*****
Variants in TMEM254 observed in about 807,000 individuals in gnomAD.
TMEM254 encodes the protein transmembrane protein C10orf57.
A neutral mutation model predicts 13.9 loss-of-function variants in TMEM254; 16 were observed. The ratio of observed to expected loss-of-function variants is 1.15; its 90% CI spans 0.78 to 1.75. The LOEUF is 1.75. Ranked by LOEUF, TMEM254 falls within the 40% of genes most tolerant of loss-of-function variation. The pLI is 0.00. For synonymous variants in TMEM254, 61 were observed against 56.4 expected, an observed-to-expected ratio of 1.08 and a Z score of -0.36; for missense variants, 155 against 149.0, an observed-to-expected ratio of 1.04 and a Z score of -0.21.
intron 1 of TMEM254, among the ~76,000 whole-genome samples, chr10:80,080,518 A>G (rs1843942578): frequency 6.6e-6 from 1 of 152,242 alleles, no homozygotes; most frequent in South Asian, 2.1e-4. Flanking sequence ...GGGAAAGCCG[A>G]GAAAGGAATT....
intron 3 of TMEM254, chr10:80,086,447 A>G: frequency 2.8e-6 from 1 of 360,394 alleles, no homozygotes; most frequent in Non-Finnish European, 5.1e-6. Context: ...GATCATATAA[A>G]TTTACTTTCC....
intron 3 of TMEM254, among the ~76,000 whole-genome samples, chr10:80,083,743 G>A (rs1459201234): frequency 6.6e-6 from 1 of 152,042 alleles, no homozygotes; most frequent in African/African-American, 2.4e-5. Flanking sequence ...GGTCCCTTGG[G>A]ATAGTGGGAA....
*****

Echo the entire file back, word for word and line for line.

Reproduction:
Variants in TMEM254 observed in about 807,000 individuals in gnomAD.
TMEM254 encodes the protein transmembrane protein C10orf57.
A neutral mutation model predicts 13.9 loss-of-function variants in TMEM254; 16 were observed. The ratio of observed to expected loss-of-function variants is 1.15; its 90% CI spans 0.78 to 1.75. The LOEUF is 1.75. Ranked by LOEUF, TMEM254 falls within the 40% of genes most tolerant of loss-of-function variation. The pLI is 0.00. For synonymous variants in TMEM254, 61 were observed against 56.4 expected, an observed-to-expected ratio of 1.08 and a Z score of -0.36; for missense variants, 155 against 149.0, an observed-to-expected ratio of 1.04 and a Z score of -0.21.
intron 1 of TMEM254, among the ~76,000 whole-genome samples, chr10:80,080,518 A>G (rs1843942578): frequency 6.6e-6 from 1 of 152,242 alleles, no homozygotes; most frequent in South Asian, 2.1e-4. Flanking sequence ...GGGAAAGCCG[A>G]GAAAGGAATT....
intron 3 of TMEM254, chr10:80,086,447 A>G: frequency 2.8e-6 from 1 of 360,394 alleles, no homozygotes; most frequent in Non-Finnish European, 5.1e-6. Context: ...GATCATATAA[A>G]TTTACTTTCC....
intron 3 of TMEM254, among the ~76,000 whole-genome samples, chr10:80,083,743 G>A (rs1459201234): frequency 6.6e-6 from 1 of 152,042 alleles, no homozygotes; most frequent in African/African-American, 2.4e-5. Flanking sequence ...GGTCCCTTGG[G>A]ATAGTGGGAA....